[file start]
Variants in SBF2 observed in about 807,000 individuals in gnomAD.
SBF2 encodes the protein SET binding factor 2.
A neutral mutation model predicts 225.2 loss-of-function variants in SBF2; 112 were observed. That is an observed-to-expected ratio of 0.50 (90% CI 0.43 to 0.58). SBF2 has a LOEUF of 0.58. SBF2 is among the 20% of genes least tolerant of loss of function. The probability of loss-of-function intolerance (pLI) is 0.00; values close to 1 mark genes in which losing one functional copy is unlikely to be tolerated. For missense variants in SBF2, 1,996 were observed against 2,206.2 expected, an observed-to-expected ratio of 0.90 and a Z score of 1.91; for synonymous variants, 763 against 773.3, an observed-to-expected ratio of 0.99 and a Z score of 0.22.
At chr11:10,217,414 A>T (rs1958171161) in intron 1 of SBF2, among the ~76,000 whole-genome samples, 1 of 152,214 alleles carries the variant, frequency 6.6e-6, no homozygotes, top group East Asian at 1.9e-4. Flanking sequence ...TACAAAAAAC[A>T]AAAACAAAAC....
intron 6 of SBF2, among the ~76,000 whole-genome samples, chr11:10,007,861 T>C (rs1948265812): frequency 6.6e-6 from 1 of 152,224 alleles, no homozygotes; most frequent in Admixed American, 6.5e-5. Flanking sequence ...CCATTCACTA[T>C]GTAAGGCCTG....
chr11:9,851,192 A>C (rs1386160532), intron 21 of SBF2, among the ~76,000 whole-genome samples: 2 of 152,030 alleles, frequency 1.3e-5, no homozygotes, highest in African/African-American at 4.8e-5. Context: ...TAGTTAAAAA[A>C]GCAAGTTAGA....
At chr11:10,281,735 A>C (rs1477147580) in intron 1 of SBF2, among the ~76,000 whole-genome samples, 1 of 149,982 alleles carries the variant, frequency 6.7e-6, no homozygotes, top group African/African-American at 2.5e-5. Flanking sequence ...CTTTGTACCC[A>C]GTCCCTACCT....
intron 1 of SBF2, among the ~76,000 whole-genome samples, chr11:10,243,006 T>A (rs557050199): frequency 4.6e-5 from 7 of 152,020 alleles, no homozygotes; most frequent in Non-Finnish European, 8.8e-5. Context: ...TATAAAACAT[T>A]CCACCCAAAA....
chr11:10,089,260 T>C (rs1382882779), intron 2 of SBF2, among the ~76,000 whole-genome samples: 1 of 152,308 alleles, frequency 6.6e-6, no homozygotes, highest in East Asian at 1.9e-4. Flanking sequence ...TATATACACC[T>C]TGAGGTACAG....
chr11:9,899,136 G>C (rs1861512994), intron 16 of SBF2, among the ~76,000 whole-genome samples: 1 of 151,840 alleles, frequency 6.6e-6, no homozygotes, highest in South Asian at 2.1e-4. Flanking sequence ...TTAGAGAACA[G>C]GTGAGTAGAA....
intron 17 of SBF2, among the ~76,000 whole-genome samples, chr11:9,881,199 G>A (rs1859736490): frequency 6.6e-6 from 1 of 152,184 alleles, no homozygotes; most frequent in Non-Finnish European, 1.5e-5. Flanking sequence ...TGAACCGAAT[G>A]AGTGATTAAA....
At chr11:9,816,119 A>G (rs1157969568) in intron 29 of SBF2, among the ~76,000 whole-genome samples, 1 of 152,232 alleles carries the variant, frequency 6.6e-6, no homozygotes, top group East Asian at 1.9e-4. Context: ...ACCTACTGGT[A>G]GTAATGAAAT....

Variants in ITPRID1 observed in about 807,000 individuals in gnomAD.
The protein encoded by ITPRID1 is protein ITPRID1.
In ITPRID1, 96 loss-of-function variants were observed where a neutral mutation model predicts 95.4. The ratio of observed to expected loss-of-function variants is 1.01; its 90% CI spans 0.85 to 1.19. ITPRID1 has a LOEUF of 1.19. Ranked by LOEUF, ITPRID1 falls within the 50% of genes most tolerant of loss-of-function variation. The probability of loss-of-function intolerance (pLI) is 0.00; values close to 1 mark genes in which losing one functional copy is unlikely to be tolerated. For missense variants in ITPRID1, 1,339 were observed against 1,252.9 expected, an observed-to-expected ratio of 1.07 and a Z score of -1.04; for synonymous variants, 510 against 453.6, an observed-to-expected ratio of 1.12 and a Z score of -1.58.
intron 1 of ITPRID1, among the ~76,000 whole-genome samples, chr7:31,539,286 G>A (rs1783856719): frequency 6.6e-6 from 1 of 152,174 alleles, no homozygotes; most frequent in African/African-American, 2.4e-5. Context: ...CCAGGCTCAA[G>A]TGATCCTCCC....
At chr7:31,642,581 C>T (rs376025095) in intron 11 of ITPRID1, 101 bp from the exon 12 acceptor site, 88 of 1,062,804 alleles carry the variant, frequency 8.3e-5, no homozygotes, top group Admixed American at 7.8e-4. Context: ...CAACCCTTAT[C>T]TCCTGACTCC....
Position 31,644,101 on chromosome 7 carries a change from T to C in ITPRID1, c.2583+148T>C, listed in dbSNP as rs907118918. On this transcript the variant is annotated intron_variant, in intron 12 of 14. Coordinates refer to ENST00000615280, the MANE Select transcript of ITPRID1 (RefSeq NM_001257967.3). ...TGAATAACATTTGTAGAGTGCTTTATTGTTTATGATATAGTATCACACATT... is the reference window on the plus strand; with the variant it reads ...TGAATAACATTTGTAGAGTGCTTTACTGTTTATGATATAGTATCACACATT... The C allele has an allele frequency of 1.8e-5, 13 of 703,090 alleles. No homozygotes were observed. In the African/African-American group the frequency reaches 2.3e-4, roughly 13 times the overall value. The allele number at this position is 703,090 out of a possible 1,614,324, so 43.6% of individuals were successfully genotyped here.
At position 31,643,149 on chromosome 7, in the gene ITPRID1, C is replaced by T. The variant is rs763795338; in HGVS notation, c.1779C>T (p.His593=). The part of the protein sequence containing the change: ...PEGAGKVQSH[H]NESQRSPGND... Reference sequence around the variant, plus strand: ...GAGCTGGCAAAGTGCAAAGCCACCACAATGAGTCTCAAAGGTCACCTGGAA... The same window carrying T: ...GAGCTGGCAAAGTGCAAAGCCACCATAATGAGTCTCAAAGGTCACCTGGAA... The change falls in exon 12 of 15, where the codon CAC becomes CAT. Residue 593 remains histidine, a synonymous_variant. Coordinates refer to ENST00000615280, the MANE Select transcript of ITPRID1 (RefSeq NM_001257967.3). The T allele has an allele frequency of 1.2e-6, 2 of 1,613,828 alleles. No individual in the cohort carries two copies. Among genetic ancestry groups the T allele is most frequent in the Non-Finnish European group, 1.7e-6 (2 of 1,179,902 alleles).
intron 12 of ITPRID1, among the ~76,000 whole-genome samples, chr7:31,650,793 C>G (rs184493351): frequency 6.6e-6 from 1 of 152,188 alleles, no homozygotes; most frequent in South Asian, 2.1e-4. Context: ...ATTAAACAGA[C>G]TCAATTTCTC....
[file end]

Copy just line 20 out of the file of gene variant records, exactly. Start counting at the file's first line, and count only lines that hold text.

intron 12 of ITPRID1, among the ~76,000 whole-genome samples, chr7:31,650,793 C>G (rs184493351): frequency 6.6e-6 from 1 of 152,188 alleles, no homozygotes; most frequent in South Asian, 2.1e-4. Context: ...ATTAAACAGA[C>G]TCAATTTCTC....